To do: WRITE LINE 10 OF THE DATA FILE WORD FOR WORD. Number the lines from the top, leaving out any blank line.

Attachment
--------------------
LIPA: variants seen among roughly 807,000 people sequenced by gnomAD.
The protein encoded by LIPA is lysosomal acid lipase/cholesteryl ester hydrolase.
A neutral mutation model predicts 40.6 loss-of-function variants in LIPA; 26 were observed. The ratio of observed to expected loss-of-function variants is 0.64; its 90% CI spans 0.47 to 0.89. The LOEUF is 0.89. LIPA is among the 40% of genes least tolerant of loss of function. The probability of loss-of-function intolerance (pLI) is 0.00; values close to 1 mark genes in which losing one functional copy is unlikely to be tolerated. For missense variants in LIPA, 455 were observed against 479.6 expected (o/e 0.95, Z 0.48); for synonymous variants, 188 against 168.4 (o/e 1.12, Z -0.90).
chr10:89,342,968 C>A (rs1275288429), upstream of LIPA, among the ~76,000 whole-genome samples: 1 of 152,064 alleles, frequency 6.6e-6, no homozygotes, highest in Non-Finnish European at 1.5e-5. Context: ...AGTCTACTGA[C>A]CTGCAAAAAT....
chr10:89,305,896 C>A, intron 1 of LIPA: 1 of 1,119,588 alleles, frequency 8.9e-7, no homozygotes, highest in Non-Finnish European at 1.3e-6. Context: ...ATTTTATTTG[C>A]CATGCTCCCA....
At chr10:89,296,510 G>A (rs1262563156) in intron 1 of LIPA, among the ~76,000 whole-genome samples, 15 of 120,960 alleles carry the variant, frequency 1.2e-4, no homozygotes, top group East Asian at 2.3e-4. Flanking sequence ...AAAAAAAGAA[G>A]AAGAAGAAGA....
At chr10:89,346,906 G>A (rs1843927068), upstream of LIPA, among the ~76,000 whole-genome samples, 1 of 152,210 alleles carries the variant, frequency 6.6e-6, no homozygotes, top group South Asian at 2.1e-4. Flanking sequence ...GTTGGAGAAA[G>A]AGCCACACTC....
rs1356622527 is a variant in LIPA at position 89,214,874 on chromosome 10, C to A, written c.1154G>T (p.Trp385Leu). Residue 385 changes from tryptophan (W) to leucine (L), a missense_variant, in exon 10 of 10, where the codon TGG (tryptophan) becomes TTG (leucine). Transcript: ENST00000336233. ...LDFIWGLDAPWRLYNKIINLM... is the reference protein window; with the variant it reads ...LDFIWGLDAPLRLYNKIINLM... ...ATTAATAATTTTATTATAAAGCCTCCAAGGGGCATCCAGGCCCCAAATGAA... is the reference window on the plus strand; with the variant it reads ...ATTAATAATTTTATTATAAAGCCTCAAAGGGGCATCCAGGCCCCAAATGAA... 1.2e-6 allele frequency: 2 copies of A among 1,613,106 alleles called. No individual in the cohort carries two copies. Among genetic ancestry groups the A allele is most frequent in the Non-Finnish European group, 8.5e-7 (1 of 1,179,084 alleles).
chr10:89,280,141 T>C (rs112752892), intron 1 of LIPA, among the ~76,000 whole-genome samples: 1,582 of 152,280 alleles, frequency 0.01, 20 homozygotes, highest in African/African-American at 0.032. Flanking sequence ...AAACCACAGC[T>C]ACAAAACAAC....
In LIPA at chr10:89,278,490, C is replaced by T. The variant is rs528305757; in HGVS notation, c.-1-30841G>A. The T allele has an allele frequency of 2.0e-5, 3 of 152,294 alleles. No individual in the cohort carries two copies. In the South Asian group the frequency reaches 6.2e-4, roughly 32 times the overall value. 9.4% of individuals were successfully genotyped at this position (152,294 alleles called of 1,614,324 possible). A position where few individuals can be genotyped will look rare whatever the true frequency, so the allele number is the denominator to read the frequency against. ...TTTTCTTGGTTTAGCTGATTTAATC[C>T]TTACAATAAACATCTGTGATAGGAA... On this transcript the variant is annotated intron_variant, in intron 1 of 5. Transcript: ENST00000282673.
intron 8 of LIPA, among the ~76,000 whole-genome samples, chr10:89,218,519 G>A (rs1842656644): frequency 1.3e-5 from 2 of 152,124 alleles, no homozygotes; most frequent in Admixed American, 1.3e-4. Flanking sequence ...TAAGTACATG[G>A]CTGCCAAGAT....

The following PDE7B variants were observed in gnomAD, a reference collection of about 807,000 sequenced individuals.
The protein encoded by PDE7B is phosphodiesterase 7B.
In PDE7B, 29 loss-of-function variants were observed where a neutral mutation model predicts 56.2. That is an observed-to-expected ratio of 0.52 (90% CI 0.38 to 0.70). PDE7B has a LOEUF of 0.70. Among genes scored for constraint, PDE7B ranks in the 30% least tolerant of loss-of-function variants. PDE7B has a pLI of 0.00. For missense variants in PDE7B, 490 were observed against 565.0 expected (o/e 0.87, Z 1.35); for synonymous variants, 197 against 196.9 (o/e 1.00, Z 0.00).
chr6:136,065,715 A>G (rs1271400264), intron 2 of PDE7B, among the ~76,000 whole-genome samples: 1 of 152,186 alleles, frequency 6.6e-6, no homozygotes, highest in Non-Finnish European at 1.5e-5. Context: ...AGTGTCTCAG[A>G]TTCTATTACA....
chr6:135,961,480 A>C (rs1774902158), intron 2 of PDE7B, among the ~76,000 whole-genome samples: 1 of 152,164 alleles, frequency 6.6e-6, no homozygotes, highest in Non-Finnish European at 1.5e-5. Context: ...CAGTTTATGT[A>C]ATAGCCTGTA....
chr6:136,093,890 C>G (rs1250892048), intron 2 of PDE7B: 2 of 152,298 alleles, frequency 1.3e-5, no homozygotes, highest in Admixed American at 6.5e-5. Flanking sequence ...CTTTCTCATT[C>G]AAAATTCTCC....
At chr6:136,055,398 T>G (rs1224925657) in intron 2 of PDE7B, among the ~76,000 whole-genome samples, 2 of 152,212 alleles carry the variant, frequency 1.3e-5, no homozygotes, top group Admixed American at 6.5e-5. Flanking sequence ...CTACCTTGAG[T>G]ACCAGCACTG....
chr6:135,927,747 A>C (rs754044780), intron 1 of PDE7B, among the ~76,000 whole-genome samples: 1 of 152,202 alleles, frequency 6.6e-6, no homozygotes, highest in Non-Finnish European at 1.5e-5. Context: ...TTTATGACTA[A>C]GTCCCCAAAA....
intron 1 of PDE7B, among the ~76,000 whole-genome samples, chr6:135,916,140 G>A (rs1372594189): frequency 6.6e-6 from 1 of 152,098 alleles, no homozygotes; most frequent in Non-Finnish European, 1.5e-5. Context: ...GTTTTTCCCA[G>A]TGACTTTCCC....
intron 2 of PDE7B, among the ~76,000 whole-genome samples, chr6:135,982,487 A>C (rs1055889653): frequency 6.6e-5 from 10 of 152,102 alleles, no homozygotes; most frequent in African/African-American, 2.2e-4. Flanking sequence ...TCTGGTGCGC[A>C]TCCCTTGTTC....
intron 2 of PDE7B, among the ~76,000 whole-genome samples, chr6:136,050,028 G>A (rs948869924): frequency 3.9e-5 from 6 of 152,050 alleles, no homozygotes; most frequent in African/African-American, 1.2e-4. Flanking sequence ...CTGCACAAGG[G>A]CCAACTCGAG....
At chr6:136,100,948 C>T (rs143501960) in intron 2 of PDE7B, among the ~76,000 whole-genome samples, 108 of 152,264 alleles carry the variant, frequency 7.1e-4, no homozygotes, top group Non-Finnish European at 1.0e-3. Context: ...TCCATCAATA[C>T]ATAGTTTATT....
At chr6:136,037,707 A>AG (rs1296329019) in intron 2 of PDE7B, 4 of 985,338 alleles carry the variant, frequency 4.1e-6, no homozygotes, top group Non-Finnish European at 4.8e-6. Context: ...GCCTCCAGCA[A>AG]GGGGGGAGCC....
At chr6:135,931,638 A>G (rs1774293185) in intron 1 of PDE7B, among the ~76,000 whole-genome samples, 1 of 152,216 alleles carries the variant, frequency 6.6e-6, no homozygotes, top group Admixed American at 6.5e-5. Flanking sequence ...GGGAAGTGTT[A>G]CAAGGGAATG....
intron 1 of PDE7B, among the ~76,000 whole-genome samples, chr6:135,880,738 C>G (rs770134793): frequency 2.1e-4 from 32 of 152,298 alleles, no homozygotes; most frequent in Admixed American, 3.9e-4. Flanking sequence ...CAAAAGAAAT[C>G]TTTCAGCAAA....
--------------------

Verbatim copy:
In LIPA at chr10:89,278,490, C is replaced by T. The variant is rs528305757; in HGVS notation, c.-1-30841G>A. The T allele has an allele frequency of 2.0e-5, 3 of 152,294 alleles. No individual in the cohort carries two copies. In the South Asian group the frequency reaches 6.2e-4, roughly 32 times the overall value. 9.4% of individuals were successfully genotyped at this position (152,294 alleles called of 1,614,324 possible). A position where few individuals can be genotyped will look rare whatever the true frequency, so the allele number is the denominator to read the frequency against. ...TTTTCTTGGTTTAGCTGATTTAATC[C>T]TTACAATAAACATCTGTGATAGGAA... On this transcript the variant is annotated intron_variant, in intron 1 of 5. Transcript: ENST00000282673.